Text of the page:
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11 Super Sensory Activities for Under-Fives

11 Super Sensory Activities for Under-Fives

In our last blog post we wrote a guide to the many benefits of sensory play. Take a look at that article for a reminder of how stimulation of the senses can help with the learning and development of babies and young children, in a myriad of different ways. From improved problem-solving and language skills to safer movement, better social skills, helping with autism and much more, the many benefits of sensory play are clear to see in that article. Follow the blue link above to take a look.

We promised to follow up with a post suggesting some sensory-based activities that parents or carers can undertake with babies or children at home. Our ideas below are great fun for babies, toddlers and children under five and such sensory activities can benefit them greatly.

Safety note: of course, you should always supervise your baby/child’s play and discovery to ensure they do not unwittingly harm themselves. Babies, for example, will often use their mouths, as well as their hands, to explore new objects, so remain vigilant and supervise them appropriately.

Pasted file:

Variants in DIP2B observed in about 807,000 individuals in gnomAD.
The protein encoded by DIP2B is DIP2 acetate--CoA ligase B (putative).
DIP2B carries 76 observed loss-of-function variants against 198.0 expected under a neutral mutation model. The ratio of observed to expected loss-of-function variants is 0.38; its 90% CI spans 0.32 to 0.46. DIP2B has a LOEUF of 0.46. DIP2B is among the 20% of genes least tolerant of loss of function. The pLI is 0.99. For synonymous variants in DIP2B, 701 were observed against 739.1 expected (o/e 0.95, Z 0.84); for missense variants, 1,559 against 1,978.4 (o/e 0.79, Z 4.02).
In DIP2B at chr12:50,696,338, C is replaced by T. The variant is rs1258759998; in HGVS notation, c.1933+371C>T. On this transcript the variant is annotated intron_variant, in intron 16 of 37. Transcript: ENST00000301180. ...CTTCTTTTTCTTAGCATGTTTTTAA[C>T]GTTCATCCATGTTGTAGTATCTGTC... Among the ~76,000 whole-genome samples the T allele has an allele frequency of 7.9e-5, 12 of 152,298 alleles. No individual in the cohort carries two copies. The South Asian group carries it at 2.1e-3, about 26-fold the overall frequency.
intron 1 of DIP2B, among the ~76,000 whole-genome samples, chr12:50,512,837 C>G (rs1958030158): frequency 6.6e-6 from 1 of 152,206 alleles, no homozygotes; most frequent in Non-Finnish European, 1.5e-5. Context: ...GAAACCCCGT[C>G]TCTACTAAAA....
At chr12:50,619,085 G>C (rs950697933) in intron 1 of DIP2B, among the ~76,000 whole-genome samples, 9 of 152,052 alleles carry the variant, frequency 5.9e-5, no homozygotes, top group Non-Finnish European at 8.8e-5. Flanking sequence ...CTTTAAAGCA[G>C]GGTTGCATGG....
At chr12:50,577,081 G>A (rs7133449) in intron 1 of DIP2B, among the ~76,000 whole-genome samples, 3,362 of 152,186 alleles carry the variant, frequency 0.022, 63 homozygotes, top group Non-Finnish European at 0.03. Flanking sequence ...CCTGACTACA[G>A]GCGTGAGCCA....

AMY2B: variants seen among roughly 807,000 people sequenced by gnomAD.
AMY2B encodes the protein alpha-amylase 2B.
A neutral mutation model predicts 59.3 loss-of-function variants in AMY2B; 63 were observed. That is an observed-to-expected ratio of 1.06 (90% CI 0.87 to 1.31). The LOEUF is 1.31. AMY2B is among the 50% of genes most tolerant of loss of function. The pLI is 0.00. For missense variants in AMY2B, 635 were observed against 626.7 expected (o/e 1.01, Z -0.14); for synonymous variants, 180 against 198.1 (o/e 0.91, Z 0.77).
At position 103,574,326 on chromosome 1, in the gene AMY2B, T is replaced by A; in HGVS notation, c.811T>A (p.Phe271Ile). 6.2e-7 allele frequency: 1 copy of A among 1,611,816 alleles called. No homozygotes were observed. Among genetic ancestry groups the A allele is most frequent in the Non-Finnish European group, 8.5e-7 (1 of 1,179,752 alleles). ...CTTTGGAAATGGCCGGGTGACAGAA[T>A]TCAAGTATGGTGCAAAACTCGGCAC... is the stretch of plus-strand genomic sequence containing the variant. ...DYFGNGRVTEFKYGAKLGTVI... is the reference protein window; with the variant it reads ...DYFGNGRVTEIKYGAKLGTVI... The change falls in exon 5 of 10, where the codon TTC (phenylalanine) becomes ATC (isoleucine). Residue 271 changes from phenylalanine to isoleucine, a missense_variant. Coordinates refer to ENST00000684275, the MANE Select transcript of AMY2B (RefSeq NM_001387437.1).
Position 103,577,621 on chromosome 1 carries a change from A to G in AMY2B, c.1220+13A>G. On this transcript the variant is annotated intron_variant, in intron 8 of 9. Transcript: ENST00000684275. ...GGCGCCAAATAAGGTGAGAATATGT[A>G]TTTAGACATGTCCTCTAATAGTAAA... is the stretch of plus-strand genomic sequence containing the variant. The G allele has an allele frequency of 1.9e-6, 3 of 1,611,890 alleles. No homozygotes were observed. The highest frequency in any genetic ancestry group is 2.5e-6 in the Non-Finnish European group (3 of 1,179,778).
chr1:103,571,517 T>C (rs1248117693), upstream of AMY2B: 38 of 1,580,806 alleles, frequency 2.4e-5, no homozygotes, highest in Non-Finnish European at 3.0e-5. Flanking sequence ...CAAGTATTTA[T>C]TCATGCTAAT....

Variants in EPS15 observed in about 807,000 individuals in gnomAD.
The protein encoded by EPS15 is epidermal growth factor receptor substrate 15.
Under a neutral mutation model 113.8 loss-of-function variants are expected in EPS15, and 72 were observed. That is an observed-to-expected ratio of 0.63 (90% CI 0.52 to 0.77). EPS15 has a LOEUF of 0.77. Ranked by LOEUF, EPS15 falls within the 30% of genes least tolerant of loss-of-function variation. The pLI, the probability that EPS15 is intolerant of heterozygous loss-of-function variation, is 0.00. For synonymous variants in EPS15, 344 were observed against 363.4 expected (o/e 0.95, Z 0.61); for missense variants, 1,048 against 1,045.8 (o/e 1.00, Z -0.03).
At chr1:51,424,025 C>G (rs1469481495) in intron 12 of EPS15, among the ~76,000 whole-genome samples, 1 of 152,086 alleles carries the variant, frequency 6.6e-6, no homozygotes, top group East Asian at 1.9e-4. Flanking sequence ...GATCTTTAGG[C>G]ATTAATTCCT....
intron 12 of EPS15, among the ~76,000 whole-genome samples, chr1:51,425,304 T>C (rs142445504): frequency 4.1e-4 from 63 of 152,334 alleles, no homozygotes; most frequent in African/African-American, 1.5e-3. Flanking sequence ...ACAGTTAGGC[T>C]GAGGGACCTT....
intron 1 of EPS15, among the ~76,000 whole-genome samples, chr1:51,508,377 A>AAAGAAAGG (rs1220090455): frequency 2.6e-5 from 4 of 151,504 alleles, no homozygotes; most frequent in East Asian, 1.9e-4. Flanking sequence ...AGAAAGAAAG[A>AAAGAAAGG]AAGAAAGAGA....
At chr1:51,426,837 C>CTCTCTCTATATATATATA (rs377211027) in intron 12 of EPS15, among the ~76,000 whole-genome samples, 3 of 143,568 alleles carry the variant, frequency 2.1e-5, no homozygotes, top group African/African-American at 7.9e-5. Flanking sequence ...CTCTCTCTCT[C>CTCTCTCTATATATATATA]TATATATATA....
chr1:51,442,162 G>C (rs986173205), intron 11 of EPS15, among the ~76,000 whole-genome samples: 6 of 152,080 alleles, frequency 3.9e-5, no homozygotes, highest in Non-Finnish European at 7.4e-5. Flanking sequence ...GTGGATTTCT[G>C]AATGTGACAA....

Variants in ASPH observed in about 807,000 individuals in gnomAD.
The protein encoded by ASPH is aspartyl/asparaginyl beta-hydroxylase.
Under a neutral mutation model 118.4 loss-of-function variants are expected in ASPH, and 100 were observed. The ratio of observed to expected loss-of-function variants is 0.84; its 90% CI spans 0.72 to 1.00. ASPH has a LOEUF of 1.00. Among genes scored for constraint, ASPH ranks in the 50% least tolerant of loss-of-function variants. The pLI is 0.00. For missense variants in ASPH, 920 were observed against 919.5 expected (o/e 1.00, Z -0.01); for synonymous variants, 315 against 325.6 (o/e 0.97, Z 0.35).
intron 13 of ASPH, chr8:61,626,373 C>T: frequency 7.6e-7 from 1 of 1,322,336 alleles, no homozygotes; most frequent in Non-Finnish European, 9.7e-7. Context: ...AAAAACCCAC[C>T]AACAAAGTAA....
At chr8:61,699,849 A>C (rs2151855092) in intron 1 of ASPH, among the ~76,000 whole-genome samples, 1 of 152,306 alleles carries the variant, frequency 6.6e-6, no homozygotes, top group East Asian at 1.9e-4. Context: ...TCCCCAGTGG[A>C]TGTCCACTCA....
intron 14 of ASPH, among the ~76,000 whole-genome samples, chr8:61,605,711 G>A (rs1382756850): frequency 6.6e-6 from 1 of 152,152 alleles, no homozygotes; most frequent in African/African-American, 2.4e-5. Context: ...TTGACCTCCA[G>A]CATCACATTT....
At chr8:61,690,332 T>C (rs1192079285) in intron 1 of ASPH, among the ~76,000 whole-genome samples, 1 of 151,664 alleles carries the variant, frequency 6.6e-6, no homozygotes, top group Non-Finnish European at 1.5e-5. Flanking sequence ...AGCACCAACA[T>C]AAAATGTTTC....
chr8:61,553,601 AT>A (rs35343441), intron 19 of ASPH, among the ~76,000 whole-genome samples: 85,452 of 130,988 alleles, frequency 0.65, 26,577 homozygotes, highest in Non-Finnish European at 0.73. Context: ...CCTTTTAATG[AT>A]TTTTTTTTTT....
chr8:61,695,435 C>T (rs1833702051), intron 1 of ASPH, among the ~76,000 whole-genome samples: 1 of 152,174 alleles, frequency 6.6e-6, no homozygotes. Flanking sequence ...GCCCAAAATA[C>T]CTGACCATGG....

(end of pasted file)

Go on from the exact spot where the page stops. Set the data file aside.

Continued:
Children love playing with bubblesSensory Play Ideas for Babies

Babies love playing with bubbles. Under supervision, let them see the bubbles float slowly through the air and occasionally land without bursting. The baby will be able to see the rainbow colours swirling on the bubble surface, particularly when in flight. Babies will also enjoy it when a bubble lands on their skin with the most delicate of sensations, then another sensory ‘ping’ when it finally bursts. Bubbles stimulate sight and touch as well as giving babies a glimpse of some of the simple but magical things that the world has to offer.